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Last Post by jwenting
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I think it was clicked on more for the curiosity factor than people who were just too click happy for their own good.

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Possibly, although my experience suggests that you really shouldn't underestimate the capacity for stupidity when it comes to the clicking of anything online, even an advert for a nice free infection.

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Given that almost 98% of workstations used by the (young and) uninformed are running Windows it's no surprise that that's the majority of respondents...

It's the same target audience as any other malware author. "I love you" mass emails, "Britney Spears naked" mass emails, they all target exactly the same users and with similar success.

Of course the vast majority of well informed and well educated people also run Windows.

And oh, the only reason a larger percentage of stupid people don't run Macs is the price, with availability also being a factor.
Those are generally people who are extremely sensitive to status and marketing, and Macs are "kewl", but their high price and generally poor availability through mass market channels make them less easy to get for that same audience.

"I think it was clicked on more for the curiosity factor than people who were just too click happy for their own good. "

I'd love to have your confidence in people. But experience with end users has led me to believe otherwise.
There is no bound to the stupidity of the average person, especially when it looks like (s)he can get something cheap (or even better, for free).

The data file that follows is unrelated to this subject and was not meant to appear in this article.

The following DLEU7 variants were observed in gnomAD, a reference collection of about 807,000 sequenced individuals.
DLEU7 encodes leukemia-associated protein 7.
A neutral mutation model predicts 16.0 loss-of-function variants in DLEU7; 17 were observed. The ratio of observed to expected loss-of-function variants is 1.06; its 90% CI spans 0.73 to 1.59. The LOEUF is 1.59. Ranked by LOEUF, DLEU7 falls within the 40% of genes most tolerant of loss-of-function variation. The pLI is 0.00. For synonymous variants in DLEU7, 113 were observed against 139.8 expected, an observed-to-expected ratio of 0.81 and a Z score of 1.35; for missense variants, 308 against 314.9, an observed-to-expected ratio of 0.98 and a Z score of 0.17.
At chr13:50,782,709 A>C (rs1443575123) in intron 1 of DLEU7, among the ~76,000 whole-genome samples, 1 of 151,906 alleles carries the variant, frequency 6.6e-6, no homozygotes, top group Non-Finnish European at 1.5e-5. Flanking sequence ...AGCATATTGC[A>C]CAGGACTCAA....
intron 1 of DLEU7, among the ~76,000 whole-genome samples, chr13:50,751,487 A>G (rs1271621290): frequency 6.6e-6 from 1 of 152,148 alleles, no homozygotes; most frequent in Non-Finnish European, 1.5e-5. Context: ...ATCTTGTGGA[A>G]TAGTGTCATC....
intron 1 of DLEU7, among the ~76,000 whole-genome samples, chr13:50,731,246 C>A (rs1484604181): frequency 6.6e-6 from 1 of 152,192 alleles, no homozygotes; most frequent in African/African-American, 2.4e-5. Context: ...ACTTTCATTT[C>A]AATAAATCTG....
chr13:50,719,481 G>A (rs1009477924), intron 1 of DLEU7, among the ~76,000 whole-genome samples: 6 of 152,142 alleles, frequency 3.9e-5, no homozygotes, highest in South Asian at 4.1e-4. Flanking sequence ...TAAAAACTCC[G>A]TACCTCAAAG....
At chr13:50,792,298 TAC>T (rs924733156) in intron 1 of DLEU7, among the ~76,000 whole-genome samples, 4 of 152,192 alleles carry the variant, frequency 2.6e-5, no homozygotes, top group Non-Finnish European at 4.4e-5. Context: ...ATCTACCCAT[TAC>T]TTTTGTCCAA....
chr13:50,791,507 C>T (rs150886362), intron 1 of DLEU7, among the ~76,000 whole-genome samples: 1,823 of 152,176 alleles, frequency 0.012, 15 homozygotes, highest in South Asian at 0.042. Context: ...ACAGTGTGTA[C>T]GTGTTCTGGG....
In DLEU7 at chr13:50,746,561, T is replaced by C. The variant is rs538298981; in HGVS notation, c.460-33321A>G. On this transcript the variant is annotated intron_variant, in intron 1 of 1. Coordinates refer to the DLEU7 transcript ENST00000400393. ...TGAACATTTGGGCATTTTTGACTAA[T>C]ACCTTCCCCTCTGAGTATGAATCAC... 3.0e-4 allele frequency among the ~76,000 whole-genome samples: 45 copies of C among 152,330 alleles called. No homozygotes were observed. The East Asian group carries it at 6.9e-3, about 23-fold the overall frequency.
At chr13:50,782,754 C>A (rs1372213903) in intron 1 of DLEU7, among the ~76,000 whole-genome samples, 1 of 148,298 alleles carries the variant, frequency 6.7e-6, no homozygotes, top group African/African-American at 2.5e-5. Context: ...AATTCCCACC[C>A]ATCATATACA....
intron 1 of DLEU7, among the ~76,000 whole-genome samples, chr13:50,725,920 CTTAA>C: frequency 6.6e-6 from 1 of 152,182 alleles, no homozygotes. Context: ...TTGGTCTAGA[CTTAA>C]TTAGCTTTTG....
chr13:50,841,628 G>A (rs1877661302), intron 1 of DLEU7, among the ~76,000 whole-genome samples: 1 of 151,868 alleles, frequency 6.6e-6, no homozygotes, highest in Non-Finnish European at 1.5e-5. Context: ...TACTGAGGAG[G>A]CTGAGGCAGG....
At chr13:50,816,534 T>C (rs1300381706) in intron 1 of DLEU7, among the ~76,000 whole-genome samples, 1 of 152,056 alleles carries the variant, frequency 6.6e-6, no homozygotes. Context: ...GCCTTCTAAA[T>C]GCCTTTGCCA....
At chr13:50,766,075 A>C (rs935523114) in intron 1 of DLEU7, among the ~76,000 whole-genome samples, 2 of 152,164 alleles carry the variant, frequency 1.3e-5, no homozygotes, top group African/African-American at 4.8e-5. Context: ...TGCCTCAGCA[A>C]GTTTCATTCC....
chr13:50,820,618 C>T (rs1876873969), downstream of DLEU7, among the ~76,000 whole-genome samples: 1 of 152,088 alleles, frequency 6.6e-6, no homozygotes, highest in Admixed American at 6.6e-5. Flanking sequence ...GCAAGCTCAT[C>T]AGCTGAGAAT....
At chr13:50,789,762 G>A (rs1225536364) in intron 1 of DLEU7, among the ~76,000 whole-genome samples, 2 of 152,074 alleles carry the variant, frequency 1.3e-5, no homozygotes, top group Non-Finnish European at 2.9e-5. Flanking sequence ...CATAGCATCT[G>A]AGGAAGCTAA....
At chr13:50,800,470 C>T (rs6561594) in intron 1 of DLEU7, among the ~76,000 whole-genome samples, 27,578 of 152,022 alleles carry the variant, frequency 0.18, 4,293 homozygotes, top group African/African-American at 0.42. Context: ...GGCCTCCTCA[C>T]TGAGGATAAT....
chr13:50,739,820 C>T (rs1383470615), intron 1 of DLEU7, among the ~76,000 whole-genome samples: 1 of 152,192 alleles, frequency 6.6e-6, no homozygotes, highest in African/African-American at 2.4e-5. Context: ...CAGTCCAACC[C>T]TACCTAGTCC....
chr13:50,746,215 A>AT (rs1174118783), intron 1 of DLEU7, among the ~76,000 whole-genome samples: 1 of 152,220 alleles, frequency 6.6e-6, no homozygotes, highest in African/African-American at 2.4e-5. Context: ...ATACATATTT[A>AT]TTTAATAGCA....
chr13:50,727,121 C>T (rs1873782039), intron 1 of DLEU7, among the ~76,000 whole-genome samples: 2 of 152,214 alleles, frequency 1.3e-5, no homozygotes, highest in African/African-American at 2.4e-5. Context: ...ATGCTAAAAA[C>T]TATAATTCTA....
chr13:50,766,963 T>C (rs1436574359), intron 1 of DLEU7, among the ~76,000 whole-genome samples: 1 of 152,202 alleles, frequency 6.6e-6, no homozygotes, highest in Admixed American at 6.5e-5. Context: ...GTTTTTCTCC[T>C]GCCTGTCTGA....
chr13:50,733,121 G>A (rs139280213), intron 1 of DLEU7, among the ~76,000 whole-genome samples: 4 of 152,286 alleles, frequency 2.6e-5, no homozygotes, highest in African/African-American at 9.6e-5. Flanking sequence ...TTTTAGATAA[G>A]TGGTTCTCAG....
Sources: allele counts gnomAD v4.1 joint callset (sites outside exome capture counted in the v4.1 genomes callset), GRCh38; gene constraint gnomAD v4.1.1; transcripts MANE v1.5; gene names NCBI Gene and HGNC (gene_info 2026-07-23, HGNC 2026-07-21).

Hordes will loose all sense when they see the words "free" or "discount" and purchase whatever it is no matter the actual price or whether it's something they could even theoretically use.
One prime example was a large sign outside a store I saw some 15 years ago. I loudly proclaimed that handbags were discounted from 29.95 to 39.95.
I asked the shopkeeper about that, and he responded that business had never been so good before he put up that sign. People (mainly women) were blinded by the sign's statement of a discount, didn't even read the actual before and after price, and bought the things like mad.

Noticed the same thing a few years later when I got a brochure for a new investment/savings account from a (until then) unheard of company.
It looked suspicious so I did the math about their claims, turned out I was right and the total payment into the account was higher than the promised amount you'd get after 5 years (never mind compound interest and dividends).
Yet they signed up thousands of people in just a few weeks, based solely on the large numbers and wild claims in that brochure.

Or what about the student who wanted to show how easy it is to get people to sign petitions about supposed dangers of chemicals.
He went around campus asking for signatures on a petition to ban the dangerous substance of di-hydrogen monoxide.
He got thousands of signatures from not just fellow students but professors and staff as well, including chemists and physicists.
Of course the substance they signed up to get banned is water...

So no, I'm not surprised that people fall for things like that, not at all.